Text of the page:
Legislation & Advocacy (4/4) The Coalition Roundtable

Legislation & Advocacy (4/4) The Coalition Roundtable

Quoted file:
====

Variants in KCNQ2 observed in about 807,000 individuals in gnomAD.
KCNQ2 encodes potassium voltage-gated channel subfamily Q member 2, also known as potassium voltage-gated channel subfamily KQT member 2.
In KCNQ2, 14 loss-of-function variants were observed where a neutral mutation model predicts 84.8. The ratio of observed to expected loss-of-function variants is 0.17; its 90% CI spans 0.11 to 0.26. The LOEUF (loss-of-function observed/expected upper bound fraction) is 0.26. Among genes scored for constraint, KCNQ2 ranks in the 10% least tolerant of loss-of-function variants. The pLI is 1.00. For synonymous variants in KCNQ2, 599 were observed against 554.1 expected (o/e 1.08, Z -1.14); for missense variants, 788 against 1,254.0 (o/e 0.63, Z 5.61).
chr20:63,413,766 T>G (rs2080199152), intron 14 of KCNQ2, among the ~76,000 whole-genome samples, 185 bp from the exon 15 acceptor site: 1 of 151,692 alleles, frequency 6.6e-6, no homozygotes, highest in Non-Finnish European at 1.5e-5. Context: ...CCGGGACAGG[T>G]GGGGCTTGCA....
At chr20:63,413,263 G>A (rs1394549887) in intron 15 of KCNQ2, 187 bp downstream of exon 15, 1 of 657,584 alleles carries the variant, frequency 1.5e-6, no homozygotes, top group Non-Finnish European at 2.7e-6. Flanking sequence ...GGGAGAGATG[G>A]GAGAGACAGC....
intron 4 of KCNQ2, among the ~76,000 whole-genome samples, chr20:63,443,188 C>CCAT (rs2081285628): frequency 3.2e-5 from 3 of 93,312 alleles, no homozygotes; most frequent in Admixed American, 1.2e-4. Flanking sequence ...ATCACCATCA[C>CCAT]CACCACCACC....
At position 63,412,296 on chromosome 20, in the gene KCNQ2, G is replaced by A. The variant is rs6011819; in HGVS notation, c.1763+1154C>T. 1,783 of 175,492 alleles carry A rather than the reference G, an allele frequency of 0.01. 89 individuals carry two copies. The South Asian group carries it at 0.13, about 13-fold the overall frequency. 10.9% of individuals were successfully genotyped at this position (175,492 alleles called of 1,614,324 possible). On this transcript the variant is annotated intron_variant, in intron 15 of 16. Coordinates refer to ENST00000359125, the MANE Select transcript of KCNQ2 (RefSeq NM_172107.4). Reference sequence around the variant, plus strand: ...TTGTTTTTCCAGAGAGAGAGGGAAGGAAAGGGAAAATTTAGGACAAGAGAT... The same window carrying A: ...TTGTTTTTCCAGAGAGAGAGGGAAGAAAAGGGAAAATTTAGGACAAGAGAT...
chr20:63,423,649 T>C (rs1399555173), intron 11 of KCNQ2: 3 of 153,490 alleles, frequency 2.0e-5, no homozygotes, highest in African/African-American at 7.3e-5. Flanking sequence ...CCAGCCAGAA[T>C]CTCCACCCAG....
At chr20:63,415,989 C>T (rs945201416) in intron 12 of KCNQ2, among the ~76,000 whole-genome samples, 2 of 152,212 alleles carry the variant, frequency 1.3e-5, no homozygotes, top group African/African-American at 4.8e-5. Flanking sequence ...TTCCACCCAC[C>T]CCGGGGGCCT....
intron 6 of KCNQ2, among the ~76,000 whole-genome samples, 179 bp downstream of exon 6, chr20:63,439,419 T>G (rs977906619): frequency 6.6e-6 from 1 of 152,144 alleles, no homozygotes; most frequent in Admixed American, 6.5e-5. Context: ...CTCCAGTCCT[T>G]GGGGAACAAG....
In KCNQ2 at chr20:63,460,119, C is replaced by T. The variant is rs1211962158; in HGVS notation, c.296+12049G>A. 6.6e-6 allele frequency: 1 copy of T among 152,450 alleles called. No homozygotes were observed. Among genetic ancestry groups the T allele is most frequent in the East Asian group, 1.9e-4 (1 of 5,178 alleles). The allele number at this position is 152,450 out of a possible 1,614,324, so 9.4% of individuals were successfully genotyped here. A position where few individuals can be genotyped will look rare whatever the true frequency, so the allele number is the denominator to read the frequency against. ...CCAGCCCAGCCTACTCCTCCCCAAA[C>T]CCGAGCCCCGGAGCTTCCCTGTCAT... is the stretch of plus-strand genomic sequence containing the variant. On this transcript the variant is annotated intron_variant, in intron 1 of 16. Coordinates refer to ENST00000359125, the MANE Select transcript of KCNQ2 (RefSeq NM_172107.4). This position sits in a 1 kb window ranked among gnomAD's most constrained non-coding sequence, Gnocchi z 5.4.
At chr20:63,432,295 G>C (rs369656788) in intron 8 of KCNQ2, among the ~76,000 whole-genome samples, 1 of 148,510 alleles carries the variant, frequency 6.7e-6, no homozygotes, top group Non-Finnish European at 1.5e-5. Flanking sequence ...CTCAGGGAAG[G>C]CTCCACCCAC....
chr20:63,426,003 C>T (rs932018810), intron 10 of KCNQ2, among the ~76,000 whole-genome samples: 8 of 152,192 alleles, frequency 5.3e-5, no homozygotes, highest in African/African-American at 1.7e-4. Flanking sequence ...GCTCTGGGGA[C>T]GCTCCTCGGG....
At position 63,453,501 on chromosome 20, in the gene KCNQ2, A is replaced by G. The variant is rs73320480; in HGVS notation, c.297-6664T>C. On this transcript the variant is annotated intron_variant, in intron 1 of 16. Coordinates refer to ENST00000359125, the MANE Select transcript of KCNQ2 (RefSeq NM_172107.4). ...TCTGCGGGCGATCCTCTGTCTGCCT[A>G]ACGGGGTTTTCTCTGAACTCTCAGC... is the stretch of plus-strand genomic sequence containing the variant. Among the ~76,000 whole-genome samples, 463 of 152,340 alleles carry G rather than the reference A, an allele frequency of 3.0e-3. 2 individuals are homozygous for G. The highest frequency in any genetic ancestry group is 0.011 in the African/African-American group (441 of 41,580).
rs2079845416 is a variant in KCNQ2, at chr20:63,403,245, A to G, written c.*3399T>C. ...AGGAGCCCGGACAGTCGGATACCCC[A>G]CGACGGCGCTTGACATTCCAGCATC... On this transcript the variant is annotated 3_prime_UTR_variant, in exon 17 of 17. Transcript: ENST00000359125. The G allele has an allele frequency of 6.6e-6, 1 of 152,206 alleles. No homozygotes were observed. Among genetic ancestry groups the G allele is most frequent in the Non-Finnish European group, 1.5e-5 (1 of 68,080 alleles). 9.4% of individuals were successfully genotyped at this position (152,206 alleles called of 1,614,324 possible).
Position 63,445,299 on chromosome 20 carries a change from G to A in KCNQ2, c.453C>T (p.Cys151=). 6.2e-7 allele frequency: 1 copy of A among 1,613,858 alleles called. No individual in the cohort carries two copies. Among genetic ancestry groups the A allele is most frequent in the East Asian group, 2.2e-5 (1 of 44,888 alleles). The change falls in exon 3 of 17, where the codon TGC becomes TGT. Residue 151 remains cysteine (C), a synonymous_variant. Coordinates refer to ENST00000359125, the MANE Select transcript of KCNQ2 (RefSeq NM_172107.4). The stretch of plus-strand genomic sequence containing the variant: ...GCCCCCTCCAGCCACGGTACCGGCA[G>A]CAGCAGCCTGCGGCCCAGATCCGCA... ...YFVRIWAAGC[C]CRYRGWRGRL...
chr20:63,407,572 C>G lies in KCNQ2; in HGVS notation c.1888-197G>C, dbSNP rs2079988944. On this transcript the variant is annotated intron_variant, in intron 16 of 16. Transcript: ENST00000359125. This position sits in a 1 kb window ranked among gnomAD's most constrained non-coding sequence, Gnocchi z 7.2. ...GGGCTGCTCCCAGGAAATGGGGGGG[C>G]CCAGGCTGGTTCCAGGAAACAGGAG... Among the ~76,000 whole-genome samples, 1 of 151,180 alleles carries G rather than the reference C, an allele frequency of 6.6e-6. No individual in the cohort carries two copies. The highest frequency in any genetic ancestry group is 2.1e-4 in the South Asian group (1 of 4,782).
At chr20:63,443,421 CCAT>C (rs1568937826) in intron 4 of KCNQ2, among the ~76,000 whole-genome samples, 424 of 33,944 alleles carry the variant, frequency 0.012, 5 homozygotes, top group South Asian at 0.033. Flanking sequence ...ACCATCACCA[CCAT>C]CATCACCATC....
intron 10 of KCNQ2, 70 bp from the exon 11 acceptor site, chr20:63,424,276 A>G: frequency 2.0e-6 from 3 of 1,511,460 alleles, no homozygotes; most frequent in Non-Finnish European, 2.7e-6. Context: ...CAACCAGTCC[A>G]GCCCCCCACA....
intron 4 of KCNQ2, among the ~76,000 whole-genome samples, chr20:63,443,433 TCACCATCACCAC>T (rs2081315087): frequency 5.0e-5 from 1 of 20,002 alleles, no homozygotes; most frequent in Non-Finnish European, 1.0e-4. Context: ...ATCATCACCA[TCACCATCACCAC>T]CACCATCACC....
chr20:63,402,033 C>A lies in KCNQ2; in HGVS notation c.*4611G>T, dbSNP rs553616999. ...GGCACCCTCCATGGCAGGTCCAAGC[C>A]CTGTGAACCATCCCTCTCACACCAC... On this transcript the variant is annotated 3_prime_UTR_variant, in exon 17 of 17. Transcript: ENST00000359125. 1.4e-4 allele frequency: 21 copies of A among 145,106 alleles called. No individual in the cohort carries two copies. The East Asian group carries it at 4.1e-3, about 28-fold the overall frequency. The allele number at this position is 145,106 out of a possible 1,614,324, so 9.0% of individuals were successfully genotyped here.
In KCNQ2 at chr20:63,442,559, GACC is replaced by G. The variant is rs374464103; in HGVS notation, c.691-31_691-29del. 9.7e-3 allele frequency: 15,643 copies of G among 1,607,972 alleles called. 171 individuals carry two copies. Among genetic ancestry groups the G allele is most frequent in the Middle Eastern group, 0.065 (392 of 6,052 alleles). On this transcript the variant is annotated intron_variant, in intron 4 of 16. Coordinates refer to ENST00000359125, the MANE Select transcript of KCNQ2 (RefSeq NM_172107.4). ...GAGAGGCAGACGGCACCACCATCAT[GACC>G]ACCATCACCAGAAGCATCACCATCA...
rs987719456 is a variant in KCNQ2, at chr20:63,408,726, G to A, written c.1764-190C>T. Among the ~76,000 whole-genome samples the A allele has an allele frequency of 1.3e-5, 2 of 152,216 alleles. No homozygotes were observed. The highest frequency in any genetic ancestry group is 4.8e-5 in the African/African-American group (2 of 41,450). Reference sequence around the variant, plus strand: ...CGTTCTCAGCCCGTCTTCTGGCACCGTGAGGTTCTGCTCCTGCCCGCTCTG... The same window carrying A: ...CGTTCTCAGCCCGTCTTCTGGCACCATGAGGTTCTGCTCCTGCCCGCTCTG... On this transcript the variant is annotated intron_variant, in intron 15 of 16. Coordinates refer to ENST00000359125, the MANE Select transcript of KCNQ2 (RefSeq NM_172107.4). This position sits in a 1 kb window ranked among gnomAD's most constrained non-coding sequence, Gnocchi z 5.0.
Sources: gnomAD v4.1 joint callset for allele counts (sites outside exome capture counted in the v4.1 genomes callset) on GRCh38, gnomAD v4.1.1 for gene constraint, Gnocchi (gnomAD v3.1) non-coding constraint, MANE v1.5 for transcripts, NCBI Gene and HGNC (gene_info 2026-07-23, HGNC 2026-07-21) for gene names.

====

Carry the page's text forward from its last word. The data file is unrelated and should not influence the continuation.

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For over a decade the Chinese Communist Party has been butchering thousands of prisoners of conscience for their organs. One of the most horrific genocides in modern history. Doctors schedule an exact day that foreign patients get an organ, whereas in the U.S. it usually takes around two years to find a match. Moving forward what can other researchers do? What we need to do is action at the legislative level such as Israel, Taiwan, Spain have done. Sweden and the United States and so on could pass laws basically barring organ tourism by their citizens to places where they can get trafficked organs. And there’s only one place in the world where you can get a trafficked organ on industrial basis and that’s China. So what is organ tourism? It’s transplantation across a border with exploitation. In China what we have is a very particular form of organ tourism which is institutionalized. In many countries it’s a black market, but in China it’s not. It’s the standard in hospitals, it’s systematic, a practice that’s universally decried within the transplant profession. Say you live in New York, you fly from New York to Shanghai, you pay a huge amount of money for the organ, they take blood tests and find out there’s a match for you and they go out to a work camp and they find a guy out in the work camp who’s been convicted of nothing at all, in all likelihood he’s probably a Falun Gong practitioner. They take his liver out and they fly it to you in Shanghai, you get a new liver, they tell you you’re getting it from a convicted capital offender. You fly home to New York with a new liver and he is dead. So it’s possible a lot of people in the West have gone to China under false pretenses? More than possible, it’s happened. And they end up with an executed Falun Gong organ? We’ve got data for two countries: Malaysia and Taiwan. There’s also the Koreans, and the Indonesians… So currently Israel, Spain and Taiwan are the only countries in the world that have banned their citizens from organ tourism? We often have a lot more leverage than we let on, over China. And in this case it’s fairly obvious to me that we do because even back then in those years when I was working there, pharmaceuticals Big Pharma was a big gleam in China’s eye. They were looking to expand this area. That was the big profit. The idea was that China would eventually have a medical establishment which could make drugs, new drugs, all kinds of drugs. Drugs that people would buy. They would buy them for a fraction of the cost and they’d get them approved in a fraction of the time, because they’d have their own FDA. Everything I’ve seen in the literature leads me to believe that it’s still a resident in China, in effect it’s maybe more resident than it ever has been. It would also not have the human experimentation problem? Exactly, you’ve got a huge captive population if you like, that you can experiment on, that’s cheap to do even if we’re not talking about something, you know, really insidious or evil. You could do clinical testing over there, as Roche discovered very quickly. Roche does clinical testing of transplant patients. And you look at those issues and you say, “Well, okay, is eight or nine billion the big money?” No. Of course that’s nothing, that’s pocket money in China. We’re talking about the real money and I am sure that the medical establishment, the Chinese medical establishment realizes this is a confidence game. If the West accepts the Chinese medical establishment as legitimate and ethical, it’s very possible for them to go ahead with their dream. If the Western medical establishment does not accept them, even in one area, but this has become a fairly important area and a fairly visible area, then it’s much harder. There’s two wings, one wing which is working on pharmaceuticals which is the big money, and there’s another wing which is working on this rather political project of wiping out Falun Gong through a massive transplant program, and that’s another wing. This wing is the easy cash, and this one is the long term and the big cash and that’s the big payout. But what I would say is, with transplant tourism it’s wrong and it’s a problem, but it’s a demand problem and what we’re dealing with, with the killing of Falun Gong for the organs is a supply problem. And you’re not going to solve the supply problem by dealing with the demand problem. You could cut off transplant tourism completely and the killing of Falun Gong for their organs would continue because the reality is, in China, just in China, there’s lots of people who need transplants. I’m not saying David, I’m not saying that we are going to cut it off and I’m not saying this will stop them from doing what they’re doing. I think they would probably complete the crime. I want to increase the pain that they feel for doing it, and this is the way. I want to cut them off. If a medical establishment does something like this, they deserve to go down in flames. That’s what I’m saying. This is not in some sort of situation where we can just say, “Well you know, we can just sit back.” No, we have to take a stand. If nothing else but to clean our hands, okay? And you’re saying the transplantation society should get out of China? Get out of China! Everybody should get out of China who is involved in medicine as far as I’m concerned, we should cut the Chinese off. They are a pariah nation! What they have done is… there’s no other way of putting it and that’s the end to it, in my opinion. You know whether it stops the organ harvesting of Falun Gong, whether it leads to more transparency, I have no idea. Even if you’re in the middle of a holocaust, you sit there and really make that calculation that the British did, that if we bomb Auschwitz we might kill some innocent people. That’s not the consideration anymore. You do what you can to stop it, you do what you can so you can say, “I have a conscience, I did something.” Absolutely. So what can be done? Not just to clean our hands as you say but to actually affect actual change in China, to perhaps stop genocide. We can certainly do what we can to avoid any complicity and that’s why I think it’s important to have ethical standards and legal standards to basically stop transplant tourism completely into China. But to actually change China, I mean we’re not going to change organ transplant in isolation from everything else because the organ transplant is affected by the overall problems of Communist Party rule, lack of court supervision, lack of independence to judiciary, lack of freedom of the press and so on. And the only way you get out of this situation is by the end of Communist Party rule in China. That’s a high bar for most people looking to engage in China. I mean I think that the argument can be made that simply raising this at the highest levels you know by the United Nations or the world Medical Association or major government, that if they raise this at the very top level of the communist party and also made it an issue publicly, an international issue about China that everyone was aware about, and that there is a deep sense of global shock and everyone will be deeply disturbed if everyone really realized that this is for real. And I think that would have a huge effect on the Chinese leadership and it might lead to stopping at other changes that went along with stopping it. The problem has been that the way that every medical establishment or authorities, global authority has handled this, is by calling for transparency from China. We need China to be more transparent about what’s going on and this plays into the Chinese’ hands because Huang Jiefu is only happy to make up some new numbers. He’ll make them up and he’ll publish them, and he calls that transparency. Well if a transparency consisted of publishing your entire list of previous transplantation such that they could be traced to the donors if that was the demand, then that could never be met and so that would be an effective way. I think that’s worth doing. I think we should try to get it done, but I’m not sure that’s a lower bar than getting rid of communist party rule. That itself is a pretty hard thing to accomplish. This is a rhetorical statement because they’re never going to do that. They couldn’t possibly do that. But if you set that as… You could at least say that’s when we’ll be satisfied, that’s never going to happen, which means we’ll never be satisfied. But that’s where I have lost confidence in Western institutions to be able to set up exactly what you described. Yeah, if you were running them Matt, no problem! Okay, set the bar high. Up till now they haven’t. The problem now is we have the transplantation society, which got into China and negotiated I think probably with the best of intentions to a great extent, found themselves very quickly, you know, just demanding transparency. What they meant by that was the Chinese could make up numbers and then please take us to a hospital which has been cleansed for our benefit and then we can look at it and pronounced you reformed. You know, this is a problem. This is a problem that we lead ourselves into a situation. People buckle in China. I don’t know what it is, but people really fall into a trap and I’ve seen it again and again. I would suggest sort of three immediate practical targets: End transplant tourism. Secondly avoid all contact with the Chinese transplant profession. And third have an independent investigation. Governmental or intergovernmental, those things could be done and will have an impact on what’s happening in the future. That is achievable too, those three things are quite achievable. Chris you ask what can other investigators do? I think there are a few unexplored avenues. No investigators so far, as far as I’m aware, have actually just gone through Chinese transplantation literature from the late 90s until now and just gone through them issue by issue and seeing what are their research and development findings, advances in transplant practice, whether they’re developing their own drugs… That stuff’s available now. It’s on databases and so that’s one thing. Another is trying to find out transplant recipient groups and seeing how widespread, you know, there must be people who have received transplants that like talking with each other and Chinese media platforms digging deep into Chinese literature and getting a hardcore sense of the industry again, and then inferring from that. I think additional research is worth doing, but what the research does is that it just replicates what we’ve already found. It just gives us additional information, but the priority has to be activism to stop the abuse. Sorry Anastasia, do you have a point to make? I support what Matt said and about the recipients there are loads of Chinese forums. Chinese people go online and talk about everything. In those forums you can get a lot more information that can point to new things. In Canada for example some people are going by car from city to city to town to village and they’re getting phenomenal coverage of item with us on the front page of the papers but they have a sign up saying stop Organ Pillaging and all of us can do our thing in our own country wherever we are locally or nationally and we can do best at. Human rights violations are attacks on humanity and the way you remedy the victimization is for Humanity to reject its own victimization. If you mobilize enough people and enough countries that get concerned then violations end. What have you found effective? From my side I would like to see more artists perhaps joining the movement. This is not about any theory, it’s not about any human rights law, it’s about real people’s lives. Once I think everybody gets that, once they really feel it, everybody will be compelled to act. Is raising awareness enough? If everybody throughout the whole world including in China was aware, yes, it would be enough. So then, this is my thought: The persecution of Falun Gong, organ harvesting, this is really just the latest in a long string of crimes against humanity the Communist Party is perpetrated. People always talk about “Can the Communist Party reform? Or, “How can we make the Communist Party reform?” Can it? Is that even a discussion worth having? Can there be a reformed Communist Party? We could talk about that probably for two hours, but the immediate goal is to stop people being killed for their organs! I absolutely agree with you, of course. But I can’t help, this is when the Jewish genes Kick in. Good genes! Good genes! Well I don’t know if they’re good or what, but I think the important thing about the Jewish experience was we worked very hard, a lot of people worked very hard, Jews and non-jews, to make sure that this was something that was really investigated and brought out to the open and everybody had to think about it everybody had to face. It did took years for that to happen, because Germany was part of NATO and we needed their help to defeat the Soviet Union. That was the concept. But eventually it did happen. There’s a long term struggle here and it has to do with just the human species, I mean not falling into these… they have to learn from every time we descend into genocide. You must learn from it. I mean the Holocaust experience has done in the context of the unconditional defeat of Nazi Germany, and what we have with Communist China is the Communist Party is still in control. Grappling with this kind of mass killing where you got the perpetrators still in power. I mean we’re trying to deal with it a bit now in Sudan, but it’s very difficult to do when the perpetrators are still in power I wouldn’t say it’s impossible, on the contrary I would say we have to try to do it. And the issue in the end is not, at least from my perspective, is it going to succeed? I don’t think we have any choice. We have to go ahead and try to do it whether it’s going to succeed or not. This is the most optimistic time in the in the organ harvest… now number one it’s taken seriously. It’s a thing, it’s not this weird sci-fi story. Kidney in the bathtub story. That itself is a big shift and then that awareness will deepen there are a lot of professionals getting involved they’re forming networks they will mobilize to activate higher-level intervention with China. It’s getting momentum and it’s going to build and build and they’ll be a big… Like what Ethan says, it is completely inevitable there’s going to be a huge global learning experience about this. Because this is such a uniquely evil thing that has taken place from so many different aspects and that will be analyzed and reflected on. Will there be trials? There must be, because these guys they’re only in their 40s and 50s. Presumably many of them will be alive when the Communist Party is ended. A database I’ve seen of transplant surgeons, puts the number at 9,000 or something. It must be a six-figure number of people, I guess maybe? At least the five figure number of people that have been directly involved in this industry. And so I mean there will be an enormous amount of debriefing, there’ll be memoirs, there’ll be archival research to do, this will be a massive field of study, because it is such a unique thing to have happened. And you Anastasia, as a Falun Gong practitioner you’ve had to face an ugly side of humanity that most people have never had to encounter. Do you feel that it’s time for a thumbs down or do you have hope? We should never lose hope on ourselves, we do have the capability to do imaginable crimes, but we also are capable of compassion and that’s yet for a lot of people to discover, but they still have it in them. What has really been inspiring to me is nothing’s ever devolved into factionalism, people have kept at it. The stubbornness, the way people have kept at it. This is the one thing I truly share with Falun Gong practitioners. That perseverance. I really really respect this and that really does give me some hope. If you’re uncertain about whether this has happened, read the research, if you’re satisfied that it has happened, do something about it. If you’re uncertain what to do, go to endorganpillaging.org and we’ve got a menu of things you could do. Pick one! Thank you for watching. If you want to do something, if you’ve been moved to do something about this go to the website endorganpillaging.org that is The International Coalition to End Organ Pillaging in China. They have a global advocacy network that allows people around the world to actually do something about this. It’s a list of things you can do. Simple things like sign petitions, write letters or if you have specific skills, like if you can offer legal advice, that’s an option. This is a way for everyone watching to do something to end probably one of the greatest crimes of the 20th century.